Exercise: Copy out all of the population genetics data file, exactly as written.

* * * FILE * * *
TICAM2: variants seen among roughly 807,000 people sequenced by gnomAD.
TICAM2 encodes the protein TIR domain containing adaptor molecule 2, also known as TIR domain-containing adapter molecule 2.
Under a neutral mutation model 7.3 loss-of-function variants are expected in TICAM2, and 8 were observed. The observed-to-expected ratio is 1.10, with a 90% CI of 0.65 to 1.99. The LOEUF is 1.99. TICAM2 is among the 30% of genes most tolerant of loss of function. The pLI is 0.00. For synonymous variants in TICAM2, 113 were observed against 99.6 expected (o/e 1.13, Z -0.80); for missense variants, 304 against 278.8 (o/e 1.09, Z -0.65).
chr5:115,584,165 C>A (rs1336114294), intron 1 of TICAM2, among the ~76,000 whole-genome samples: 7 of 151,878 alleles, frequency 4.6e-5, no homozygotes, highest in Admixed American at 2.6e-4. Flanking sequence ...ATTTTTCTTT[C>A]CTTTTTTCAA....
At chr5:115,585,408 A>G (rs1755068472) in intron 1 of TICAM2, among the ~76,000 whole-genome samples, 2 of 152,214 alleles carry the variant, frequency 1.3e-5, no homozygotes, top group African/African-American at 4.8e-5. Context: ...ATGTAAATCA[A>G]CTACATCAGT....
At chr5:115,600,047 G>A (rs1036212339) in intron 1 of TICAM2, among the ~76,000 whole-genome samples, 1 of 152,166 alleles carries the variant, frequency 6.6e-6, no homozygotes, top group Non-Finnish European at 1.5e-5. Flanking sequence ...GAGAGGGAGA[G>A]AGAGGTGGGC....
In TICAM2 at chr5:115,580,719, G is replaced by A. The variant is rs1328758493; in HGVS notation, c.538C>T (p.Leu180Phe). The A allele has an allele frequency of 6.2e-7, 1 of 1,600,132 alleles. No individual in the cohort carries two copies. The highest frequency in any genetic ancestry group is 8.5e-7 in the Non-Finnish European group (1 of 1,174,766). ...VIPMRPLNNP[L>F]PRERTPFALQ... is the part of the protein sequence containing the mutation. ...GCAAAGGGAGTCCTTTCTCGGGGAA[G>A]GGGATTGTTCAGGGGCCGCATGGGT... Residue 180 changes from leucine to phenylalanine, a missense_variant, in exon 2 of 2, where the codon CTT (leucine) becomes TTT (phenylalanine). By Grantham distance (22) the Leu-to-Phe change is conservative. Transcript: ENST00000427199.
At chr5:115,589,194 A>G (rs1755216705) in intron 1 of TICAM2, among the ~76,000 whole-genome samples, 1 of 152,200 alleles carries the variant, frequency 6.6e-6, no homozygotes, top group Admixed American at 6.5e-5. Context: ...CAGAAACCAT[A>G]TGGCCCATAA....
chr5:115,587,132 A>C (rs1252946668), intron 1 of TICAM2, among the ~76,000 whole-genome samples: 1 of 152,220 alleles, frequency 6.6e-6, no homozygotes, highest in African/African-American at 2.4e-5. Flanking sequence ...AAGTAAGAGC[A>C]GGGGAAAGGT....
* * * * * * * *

TICAM2: variants seen among roughly 807,000 people sequenced by gnomAD.
TICAM2 encodes the protein TIR domain containing adaptor molecule 2, also known as TIR domain-containing adapter molecule 2.
Under a neutral mutation model 7.3 loss-of-function variants are expected in TICAM2, and 8 were observed. The observed-to-expected ratio is 1.10, with a 90% CI of 0.65 to 1.99. The LOEUF is 1.99. TICAM2 is among the 30% of genes most tolerant of loss of function. The pLI is 0.00. For synonymous variants in TICAM2, 113 were observed against 99.6 expected (o/e 1.13, Z -0.80); for missense variants, 304 against 278.8 (o/e 1.09, Z -0.65).
chr5:115,584,165 C>A (rs1336114294), intron 1 of TICAM2, among the ~76,000 whole-genome samples: 7 of 151,878 alleles, frequency 4.6e-5, no homozygotes, highest in Admixed American at 2.6e-4. Flanking sequence ...ATTTTTCTTT[C>A]CTTTTTTCAA....
At chr5:115,585,408 A>G (rs1755068472) in intron 1 of TICAM2, among the ~76,000 whole-genome samples, 2 of 152,214 alleles carry the variant, frequency 1.3e-5, no homozygotes, top group African/African-American at 4.8e-5. Context: ...ATGTAAATCA[A>G]CTACATCAGT....
At chr5:115,600,047 G>A (rs1036212339) in intron 1 of TICAM2, among the ~76,000 whole-genome samples, 1 of 152,166 alleles carries the variant, frequency 6.6e-6, no homozygotes, top group Non-Finnish European at 1.5e-5. Flanking sequence ...GAGAGGGAGA[G>A]AGAGGTGGGC....
In TICAM2 at chr5:115,580,719, G is replaced by A. The variant is rs1328758493; in HGVS notation, c.538C>T (p.Leu180Phe). The A allele has an allele frequency of 6.2e-7, 1 of 1,600,132 alleles. No individual in the cohort carries two copies. The highest frequency in any genetic ancestry group is 8.5e-7 in the Non-Finnish European group (1 of 1,174,766). ...VIPMRPLNNP[L>F]PRERTPFALQ... is the part of the protein sequence containing the mutation. ...GCAAAGGGAGTCCTTTCTCGGGGAA[G>A]GGGATTGTTCAGGGGCCGCATGGGT... Residue 180 changes from leucine to phenylalanine, a missense_variant, in exon 2 of 2, where the codon CTT (leucine) becomes TTT (phenylalanine). By Grantham distance (22) the Leu-to-Phe change is conservative. Transcript: ENST00000427199.
At chr5:115,589,194 A>G (rs1755216705) in intron 1 of TICAM2, among the ~76,000 whole-genome samples, 1 of 152,200 alleles carries the variant, frequency 6.6e-6, no homozygotes, top group Admixed American at 6.5e-5. Context: ...CAGAAACCAT[A>G]TGGCCCATAA....
chr5:115,587,132 A>C (rs1252946668), intron 1 of TICAM2, among the ~76,000 whole-genome samples: 1 of 152,220 alleles, frequency 6.6e-6, no homozygotes, highest in African/African-American at 2.4e-5. Flanking sequence ...AAGTAAGAGC[A>C]GGGGAAAGGT....